*I would never die for my belief because I might be wrong*.

– Bertrand Russell

Two questions on gravitation were included in the IIT-JEE 2010 question paper. They are given below with solution. The first question is a ‘*single correct choice type*’ (single answer type multiple choice) question where as the second question is an ‘*integer type*’ question which has a single digit integer ranging from 0 to 9 as answer.

(1) A thin uniform annular disc (see figure) of mass *M* has outer radius 4*R* and inner radius 3*R*. The work required to take a unit mass from point P on its axis to infinity is

(A) (2*GM* /7*R*) (4√2 – 5)

(B) – (2*GM* /7*R*) (4√2 – 5)

(C) *GM* /4*R*

(D) (2*GM* /5*R*) (√2 – 1)

The work required to take a unit mass from infinity to point P is the gravitational potential at P and it will be negative. Therefore, the work required to take a unit mass from point P to infinity will be numerically equal to the gravitational potential at P but it will be *positive*.

The annular disc can be considered to be made of a large number of concentric rings of radii ranging from 3*R* to 4*R*. Consider one such ring of radius *r* and small thickness *dr*. Its mass *dm* is given by

*dm = *[*M/*π(16*R*^{2 }– 9*R*^{2})] 2π*r dr* = 2*Mrdr*/7*R*^{2}

If the rim of the ring is at distance* x* from the point P, the gravitational potential (*dV*) at P due to the ring is given by

*dV* = – *Gdm/x = *– (2G*M*/7*R*^{2})(*rdr*/*x*)

But *x = *(16R^{2} + r^{2})^{1/2} and so we have *dx= *(½ )×(16R^{2} + r^{2})^{–}^{1/2} ×2*rdr*

Or, *dx = rdr/*(16R^{2} + r^{2})^{1/2} = *rdr/x*

Therefore *dV* = – (2*GM*/7*R*^{2})*dx*

The gravitational potential at P due to the entire annular disc is given by

*V = *∫ *dV = *–* *∫(2*GM*/7*R*^{2})*dx = *– (2G*M*/7*R*^{2})[*x*]

The integration is between the appropriate limits of *x*, which are (16*R*^{2} + 9*R*^{2})^{1/2}* *and (16*R*^{2} + 16*R*^{2})^{1/2},^{ } on substituting the values *r = *3*R* and *r = *4*R* respectively in the expression, *x = *(16R^{2} + r^{2})^{1/2}. Therefore we have^{}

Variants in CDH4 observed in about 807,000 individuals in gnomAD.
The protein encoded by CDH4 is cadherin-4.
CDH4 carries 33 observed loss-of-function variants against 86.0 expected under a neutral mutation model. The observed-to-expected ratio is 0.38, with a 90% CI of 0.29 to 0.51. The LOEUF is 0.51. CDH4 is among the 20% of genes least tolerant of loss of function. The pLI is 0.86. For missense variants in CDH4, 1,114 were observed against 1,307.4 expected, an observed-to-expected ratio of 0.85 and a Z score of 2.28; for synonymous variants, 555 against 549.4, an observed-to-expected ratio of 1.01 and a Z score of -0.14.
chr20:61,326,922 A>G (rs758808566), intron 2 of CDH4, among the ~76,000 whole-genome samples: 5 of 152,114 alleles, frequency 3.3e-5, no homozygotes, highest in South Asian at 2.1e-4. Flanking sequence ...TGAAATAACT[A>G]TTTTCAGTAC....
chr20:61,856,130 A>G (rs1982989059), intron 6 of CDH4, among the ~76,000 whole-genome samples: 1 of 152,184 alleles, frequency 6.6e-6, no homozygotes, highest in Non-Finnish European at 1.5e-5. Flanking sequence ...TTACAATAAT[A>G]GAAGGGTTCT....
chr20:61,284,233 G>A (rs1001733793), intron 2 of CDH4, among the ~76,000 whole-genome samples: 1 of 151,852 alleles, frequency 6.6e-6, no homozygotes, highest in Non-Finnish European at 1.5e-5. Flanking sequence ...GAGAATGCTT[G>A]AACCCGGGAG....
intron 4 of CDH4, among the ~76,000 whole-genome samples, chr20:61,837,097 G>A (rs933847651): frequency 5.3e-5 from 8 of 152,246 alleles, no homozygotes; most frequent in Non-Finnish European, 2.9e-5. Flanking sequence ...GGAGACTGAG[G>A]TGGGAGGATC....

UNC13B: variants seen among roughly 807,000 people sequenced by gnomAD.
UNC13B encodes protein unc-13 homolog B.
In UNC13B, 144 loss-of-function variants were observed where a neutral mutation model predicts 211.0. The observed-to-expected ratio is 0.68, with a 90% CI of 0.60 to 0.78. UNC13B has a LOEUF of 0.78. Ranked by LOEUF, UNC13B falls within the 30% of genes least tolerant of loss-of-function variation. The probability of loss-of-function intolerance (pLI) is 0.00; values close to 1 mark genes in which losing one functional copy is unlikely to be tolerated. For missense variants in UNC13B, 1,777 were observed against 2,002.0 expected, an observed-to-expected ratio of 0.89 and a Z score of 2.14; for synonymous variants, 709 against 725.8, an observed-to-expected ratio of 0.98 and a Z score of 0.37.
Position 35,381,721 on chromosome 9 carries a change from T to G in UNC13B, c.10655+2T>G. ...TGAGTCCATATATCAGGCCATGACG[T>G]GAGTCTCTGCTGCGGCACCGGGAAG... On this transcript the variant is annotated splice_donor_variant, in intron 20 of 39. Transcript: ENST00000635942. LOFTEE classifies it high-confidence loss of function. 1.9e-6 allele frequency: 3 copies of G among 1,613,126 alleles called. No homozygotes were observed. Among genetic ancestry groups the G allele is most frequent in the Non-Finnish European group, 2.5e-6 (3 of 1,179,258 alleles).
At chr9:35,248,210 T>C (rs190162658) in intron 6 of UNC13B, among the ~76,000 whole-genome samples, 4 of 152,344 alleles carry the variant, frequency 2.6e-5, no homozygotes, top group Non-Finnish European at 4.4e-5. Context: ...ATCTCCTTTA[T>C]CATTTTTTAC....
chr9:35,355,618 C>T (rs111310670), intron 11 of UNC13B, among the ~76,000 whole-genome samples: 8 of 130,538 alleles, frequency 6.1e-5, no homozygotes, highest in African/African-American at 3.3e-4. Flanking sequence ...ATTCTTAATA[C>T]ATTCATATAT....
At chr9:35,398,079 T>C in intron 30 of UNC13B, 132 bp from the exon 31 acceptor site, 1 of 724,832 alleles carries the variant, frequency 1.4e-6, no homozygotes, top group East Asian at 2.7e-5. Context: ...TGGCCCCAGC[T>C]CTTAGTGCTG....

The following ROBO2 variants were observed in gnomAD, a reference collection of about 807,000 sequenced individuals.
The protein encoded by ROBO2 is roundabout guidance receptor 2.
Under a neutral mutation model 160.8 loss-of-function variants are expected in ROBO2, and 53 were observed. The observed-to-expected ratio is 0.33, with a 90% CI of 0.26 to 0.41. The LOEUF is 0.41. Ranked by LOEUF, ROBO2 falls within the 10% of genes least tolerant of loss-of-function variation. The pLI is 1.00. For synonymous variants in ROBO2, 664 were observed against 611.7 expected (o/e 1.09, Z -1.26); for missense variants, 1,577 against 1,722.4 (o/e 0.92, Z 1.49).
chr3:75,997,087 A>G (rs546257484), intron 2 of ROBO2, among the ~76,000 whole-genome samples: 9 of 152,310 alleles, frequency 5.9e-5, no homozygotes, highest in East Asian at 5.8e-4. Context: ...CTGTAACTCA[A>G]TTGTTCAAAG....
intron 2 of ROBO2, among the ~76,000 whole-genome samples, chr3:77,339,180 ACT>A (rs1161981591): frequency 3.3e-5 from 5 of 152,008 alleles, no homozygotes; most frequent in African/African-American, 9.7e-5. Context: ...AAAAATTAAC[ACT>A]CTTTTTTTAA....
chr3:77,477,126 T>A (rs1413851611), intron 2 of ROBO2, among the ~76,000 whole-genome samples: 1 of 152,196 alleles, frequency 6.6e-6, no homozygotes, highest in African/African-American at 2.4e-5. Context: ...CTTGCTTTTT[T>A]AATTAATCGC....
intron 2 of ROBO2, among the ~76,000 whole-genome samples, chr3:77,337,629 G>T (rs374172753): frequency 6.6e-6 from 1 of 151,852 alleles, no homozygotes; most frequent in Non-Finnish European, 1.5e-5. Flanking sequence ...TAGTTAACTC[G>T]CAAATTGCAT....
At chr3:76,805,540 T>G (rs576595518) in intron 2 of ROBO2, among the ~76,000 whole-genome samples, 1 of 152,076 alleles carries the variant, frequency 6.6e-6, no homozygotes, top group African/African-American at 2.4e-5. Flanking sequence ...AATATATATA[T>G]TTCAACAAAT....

* V *= – (2*GM*/7*R*^{2})[(16*R*^{2} + 16*R*^{2})^{1/2 }– (16*R*^{2} + 9*R*^{2})^{1/2}]

= – (2*GM*/7*R*^{2})[*R*√(32) –* R*√(25)]

Thus *V* = – (2*GM*/7*R*) (4√2 – 5)

The negative sign is to be dispensed with to obtain the work required to take a unit mass from point P to infinity and the correct choice is (2*GM*/7*R*) (4√2 – 5).

(2) Gravitational acceleration on the surface of a planet is (√6/11)*g*, where *g* is the gravitational acceleration on the surface of the earth. The average mass density of the planet is 2/3 times that of the earth. If the escape speed on the surface of the earth is taken to be 11 kms^{–1}, the escape speed on the surface of the planet in kms^{–1} will be :

[This is is an ‘*integer type*’ question. You have to work out this question and the single digit integer answer is to be shown in the Objective Response Sheet (ORS) by darkening the appropriate bubble].

We have *v*_{esc} = √(2*gR*) where *g* is the acceleration due to gravity and *R* is the radius of the planet (or earth or star).

Therefore* v*_{esc} α √(*gR*).

If *g*_{p }and *g*_{e} are the accelerations due to gravity on the surface of the planet and the earth, *R*_{p} and *R*_{e}* *are their radii, and *g*_{p} and *g*_{e} the escape velocities respectively, we have

*v*_{p}/*v*_{e} = √(* g*_{p}*R*_{p})/* *√(* g*_{e}*R*_{e}) = √[(* g*_{p}/*g*_{e})(*R*_{p}/*R*_{e})] ………(i)

Since the gravitational acceleration on the surface is given by *g =* *GM/R*^{2}* *where *G *is the gravitational constant and *M* is the mass of the planet (or earth or star), we can write

*g =* *G*[(4/3)π*R*^{3}*ρ*]* /R*^{2} where *ρ *is the average mass density of the planet (or earth or star).

Therefore *g* α *Rρ* and *g*_{p}/*g*_{e} = (*R*_{p}/*R*_{e})(*ρ*_{p}/*ρ*_{e}).

From this *R*_{p}/*R*_{e} = (*g*_{p}/*g*_{e})/(*ρ*_{p}/*ρ*_{e}).

But *g*_{p}/*g*_{e} = √6/11 and *ρ*_{p}/*ρ*_{e} = 2/3 as given in the question. Therefore we have

*R*_{p}/*R*_{e} = (√6/11)×3/2

Substituting these in Eq(i),

*v*_{p}/*v*_{e} = √[(√6/11) (√6/11)×3/2] = (√6/11) ×√(3/2) = 3/11

Since *v*_{e} = 11 kms^{–1}, the escape speed on the surface of the planet in kms^{–1} will be

*v*_{p} = 11×(3/11) = 3 kms^{–1}

The answer integer is 3.

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